Articles in the category Culture (689)

Pakikipagkapwa-tao means relating to someone else as a fellow human being. Filipinos most evidently exemplify pakikipagkapwa-tao through the practices of bayanihan and the ‘boodle fight’. The former is more widely done in rural areas of the country. When one person needs to accomplish a task (such as moving house) for example, the whole community pitches in to help – no questions asked.
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Published on 28/04/2019 by Papagei
Categories: Communities, Culture, Society
Tags: communities, Filipinos, people
Chinese New Year is an important traditional Chinese holiday celebrated at the turn of the Chinese calendar. In China, it is also known as the Spring Festival, the literal translation of the modern Chinese name. Chinese New Year celebrations traditionally run from Chinese New Year’s Eve, the last day of the last month of the Chinese calendar.
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Published on 18/01/2019 by Puerto Parrot
Categories: Culture, Entertainment, News and Events, Religion
Tags: China, Chinese New Year
Due to Plasencia’s Catholic mindset and the Spanish vengeance to cleanse the lands of “heathens”, early Filipino’s were trained, forced, and convinced to associate some of these beings with the devil. The Spanish were successful in eliminating the belief in deities and de-powering the spiritual leaders, but they were no match for superstitions. Legazpi stated his mission soon after he arrived on the Islands.
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Published on 09/01/2019 by Papagei
Categories: Culture, Mythology & folklore
Tags: Bayoguin, Catolonan, Doctrina Cristiana
The Suludnon, also known as the Tumandok, Panay-Bukidnon, or Panayanon Sulud, are an indigenous Visayan group of people who reside in the Capiz-Lambunao mountainous area of Panay in the Visayan islands of the Philippines. They are the only culturally indigenous group of Visayan language-speakers in the Western Visayas.
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Published on 09/01/2019 by Papagei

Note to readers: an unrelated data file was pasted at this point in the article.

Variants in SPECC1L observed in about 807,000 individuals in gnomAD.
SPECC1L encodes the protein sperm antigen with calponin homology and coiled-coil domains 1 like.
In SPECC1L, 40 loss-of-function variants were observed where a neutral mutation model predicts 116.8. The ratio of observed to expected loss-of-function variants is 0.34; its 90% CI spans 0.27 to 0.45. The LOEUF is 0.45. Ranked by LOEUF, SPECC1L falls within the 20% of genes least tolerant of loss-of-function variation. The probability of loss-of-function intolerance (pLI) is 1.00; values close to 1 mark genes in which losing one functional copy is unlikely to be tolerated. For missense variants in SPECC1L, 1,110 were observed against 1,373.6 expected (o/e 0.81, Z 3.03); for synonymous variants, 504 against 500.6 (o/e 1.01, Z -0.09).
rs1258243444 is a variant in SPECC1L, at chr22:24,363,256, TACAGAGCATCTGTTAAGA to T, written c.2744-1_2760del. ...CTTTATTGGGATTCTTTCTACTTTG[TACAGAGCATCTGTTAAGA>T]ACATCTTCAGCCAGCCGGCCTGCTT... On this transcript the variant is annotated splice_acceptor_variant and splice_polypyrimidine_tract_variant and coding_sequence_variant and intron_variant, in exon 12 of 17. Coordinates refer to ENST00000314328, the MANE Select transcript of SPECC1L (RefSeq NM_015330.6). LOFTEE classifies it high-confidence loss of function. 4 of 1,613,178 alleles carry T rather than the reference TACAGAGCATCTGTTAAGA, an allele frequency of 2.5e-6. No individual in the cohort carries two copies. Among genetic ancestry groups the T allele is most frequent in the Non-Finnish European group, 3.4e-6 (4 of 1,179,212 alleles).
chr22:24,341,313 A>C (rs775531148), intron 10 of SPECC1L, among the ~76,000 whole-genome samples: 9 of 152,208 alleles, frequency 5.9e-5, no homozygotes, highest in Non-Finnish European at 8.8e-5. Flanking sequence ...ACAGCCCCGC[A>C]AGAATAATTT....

Categories: Culture, Mythology & folklore
Tags: Panayanon, Suludnon, Tumandok
THE CHRISTIAN DOCTRINE of the Trinity holds that God is one God, but three coeternal consubstantial persons or hypostases —the Father, the Son (Jesus Christ), and the Holy Spirit—as “one God in three Divine Persons”.The trinity doctrine is not unique to, nor original with, Christianity. It has deep Pagan roots, dating back to at least two centuries BC, and has been prominent in many Eastern religions ever since.
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Published on 09/01/2019 by Papagei
Categories: Culture, Mythology & folklore
Tags: Holy Spirit, hypostases, Trinity
Engkanto are environmental spirits. They are often associated with the spirits of ancestors in the Philippines. They are also characterized as spirit sorts like sirens, dark beings, diwata, and more. Belief in their existence has existed for centuries, and continues, with some, to this day. Anito is used to refer to spirits, deceased ancestors, nature-spirits nymphs and diwatas. Ancient Filipinos kept statues to represent these spirits, ask guidance and magical protection.
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Published on 09/01/2019 by Papagei
Categories: Culture, Mythology & folklore
Tags: Anito, Engkanto, Spirits
There is a special place in the Bagobo underworld for children who died at their mothers’ breasts. They are nourished by the goddess Mebuyan whose entire body is delicious with milk glands. When they no longer need nursing and can shift for themselves, they go trooping to another district underground to join people who died later in life of disease or any form of sickness.
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Published on 09/01/2019 by Papagei
Categories: Culture, Mythology & folklore
Tags: Bagobo, Mebuyan, milk glands
The stories of ancient Philippine mythology include deities, creation stories, mythical creatures, and beliefs. Ancient Philippine mythology varies among the many indigenous tribes of the Philippines. Some groups during the pre-Spanish conquest era believed in a single Supreme Being who created the world and everything in it, while others chose to worship a multitude of tree and forest deities (diwatas).
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Published on 09/01/2019 by Papagei
Categories: Culture, Mythology & folklore
Tags: creatures, Mythical, pre-Spanish
“The Visayan still holds to many of the old superstitions, not because he has reasoned them out for himself, but because his ancestors believed them and transmitted them to him in such stories as these. [The Creation Story is] A very old explanatory tale. In a slightly varying form it is found in other parts of the Islands.” – Mabel Cook Cole, 1916
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Published on 09/01/2019 by Papagei
Categories: Culture, Mythology & folklore
Tags: monotheism, Pedro Chirino, Visayans
There was a time in the Philippines where homosexuality was regarded in high esteem. Homosexuals were given the same rights as that of heterosexual folks. In some cases, they held important powers and leadership roles in the community – next to the “Datu” or the chieftain. The records and evidence to support these claims are tied to the traditional concept of the Babaylan.
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Published on 09/01/2019 by Papagei
Categories: Culture, Mythology & folklore
Tags: Asogs, Babaylan, Katalonan